Fans wanted James to respond directly at Durant, but many of his points came from getting out on the fast break and dunking. Durant hit a three-pointer over James, then blocked James’s shot before James drove inside for a layup. When Rawls mentioned that Durant was giving James the business after one jumper, James was already running down the floor to throw a bounce pass off the backboard — to himself, for a dunk.
Durant lost the game, but continued to add to his burgeoning street ball reputation, after earlier scoring 66 points at Rucker Park, then having 44 in the Goodman League’s win over the Drew League on Aug. 20. His cross-country exploits have caught the attention of players all over the league. “Durant’s gone on a rampage this summer,” Anthony said. “I told him to ‘Slow down.’ Because every other night I see him in a different city playing. But that’s just the love of the game that he’s got, and I respect that. I’m glad he actually showed up and played in this game, too.”
“We’ve been following KD all summer, going to all these games,” Paul said.
Durant’s summer-league tour hasn’t just been the equivalent of a grassroots marketing tool, it has been a way for him to get better. His improved ball-handling was evident throughout Tuesday’s game. He consistently used his crossover to get by defenders, or to create separation for him to drop his jumper. He might have to wait for Russell Westbrook to find him in his comfortable spots, or settle for long-range shots, as he often did in the Western Conference Finals against Dallas.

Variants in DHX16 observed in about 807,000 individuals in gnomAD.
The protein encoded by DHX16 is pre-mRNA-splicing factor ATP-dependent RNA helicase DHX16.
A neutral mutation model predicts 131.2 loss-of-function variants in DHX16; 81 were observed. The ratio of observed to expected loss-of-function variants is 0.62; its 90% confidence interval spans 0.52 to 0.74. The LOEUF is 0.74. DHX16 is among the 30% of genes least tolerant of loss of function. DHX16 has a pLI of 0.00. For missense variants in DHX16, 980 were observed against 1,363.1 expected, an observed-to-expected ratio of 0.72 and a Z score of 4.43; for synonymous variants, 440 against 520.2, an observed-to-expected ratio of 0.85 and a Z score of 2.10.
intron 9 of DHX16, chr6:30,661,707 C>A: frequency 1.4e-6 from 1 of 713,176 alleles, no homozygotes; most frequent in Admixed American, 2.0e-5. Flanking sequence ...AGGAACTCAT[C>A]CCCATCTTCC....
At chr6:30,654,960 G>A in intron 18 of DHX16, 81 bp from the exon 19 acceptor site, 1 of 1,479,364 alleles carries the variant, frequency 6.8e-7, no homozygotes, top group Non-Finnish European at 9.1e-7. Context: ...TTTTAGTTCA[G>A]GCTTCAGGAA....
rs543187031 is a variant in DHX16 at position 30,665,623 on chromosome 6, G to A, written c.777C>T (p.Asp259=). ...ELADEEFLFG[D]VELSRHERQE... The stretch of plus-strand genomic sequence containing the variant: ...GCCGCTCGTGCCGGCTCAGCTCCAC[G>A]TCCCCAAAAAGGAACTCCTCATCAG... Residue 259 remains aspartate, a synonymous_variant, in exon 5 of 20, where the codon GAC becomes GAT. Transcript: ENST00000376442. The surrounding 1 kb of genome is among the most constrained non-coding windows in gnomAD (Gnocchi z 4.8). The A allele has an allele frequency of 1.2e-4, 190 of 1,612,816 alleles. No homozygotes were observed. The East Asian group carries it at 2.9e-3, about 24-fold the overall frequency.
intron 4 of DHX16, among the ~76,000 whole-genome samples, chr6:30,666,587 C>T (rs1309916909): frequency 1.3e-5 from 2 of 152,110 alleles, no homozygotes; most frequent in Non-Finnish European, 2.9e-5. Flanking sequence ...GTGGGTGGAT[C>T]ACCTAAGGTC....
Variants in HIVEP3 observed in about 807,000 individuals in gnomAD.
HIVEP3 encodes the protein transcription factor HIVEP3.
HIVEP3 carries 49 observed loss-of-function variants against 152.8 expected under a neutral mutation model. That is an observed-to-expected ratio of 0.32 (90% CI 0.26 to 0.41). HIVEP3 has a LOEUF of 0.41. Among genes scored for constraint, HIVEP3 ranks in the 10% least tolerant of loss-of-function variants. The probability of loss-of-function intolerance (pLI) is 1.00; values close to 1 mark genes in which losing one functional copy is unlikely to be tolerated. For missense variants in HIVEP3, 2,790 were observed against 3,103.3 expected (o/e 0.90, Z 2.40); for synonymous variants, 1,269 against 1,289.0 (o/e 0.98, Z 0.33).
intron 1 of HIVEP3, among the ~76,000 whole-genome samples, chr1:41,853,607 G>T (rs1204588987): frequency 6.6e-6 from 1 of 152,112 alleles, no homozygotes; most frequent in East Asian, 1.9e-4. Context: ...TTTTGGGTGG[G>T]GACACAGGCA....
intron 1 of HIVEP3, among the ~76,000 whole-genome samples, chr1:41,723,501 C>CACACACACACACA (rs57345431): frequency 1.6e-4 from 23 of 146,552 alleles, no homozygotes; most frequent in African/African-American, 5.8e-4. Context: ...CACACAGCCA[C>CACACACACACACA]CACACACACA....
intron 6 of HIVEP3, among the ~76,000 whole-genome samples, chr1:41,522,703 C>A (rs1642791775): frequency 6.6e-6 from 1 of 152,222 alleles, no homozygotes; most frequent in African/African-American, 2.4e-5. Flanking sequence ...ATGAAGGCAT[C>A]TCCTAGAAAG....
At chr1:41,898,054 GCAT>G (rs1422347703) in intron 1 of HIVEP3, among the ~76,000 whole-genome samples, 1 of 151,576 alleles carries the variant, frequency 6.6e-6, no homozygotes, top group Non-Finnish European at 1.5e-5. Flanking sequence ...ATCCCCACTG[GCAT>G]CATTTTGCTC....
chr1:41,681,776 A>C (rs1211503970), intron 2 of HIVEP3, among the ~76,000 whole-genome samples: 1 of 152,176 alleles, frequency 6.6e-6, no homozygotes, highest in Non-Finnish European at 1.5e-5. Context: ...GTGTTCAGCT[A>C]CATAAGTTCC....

Durant doesn’t believe that he has done anything special this summer, with the attention coming only because the NBA lockout will likely result in the upcoming season getting started late, if at all. “People have blown it out of proportion,” Durant said, “but guys always been playing summer leagues, been playing pickup games every summer. I’ve been doing this ever since I’ve been in the league.”
But now Durant is a two-time all-star, a two-scoring champion, and what he does is relevant. And his desire to play, wherever and whenever somebody wants to get a good run has raised his profile even more. And, nearly scoring 60 with a first-team all-defensive player in front of him doesn’t hurt either. “Whenever there’s a big game, I’m ready to play,” Durant said.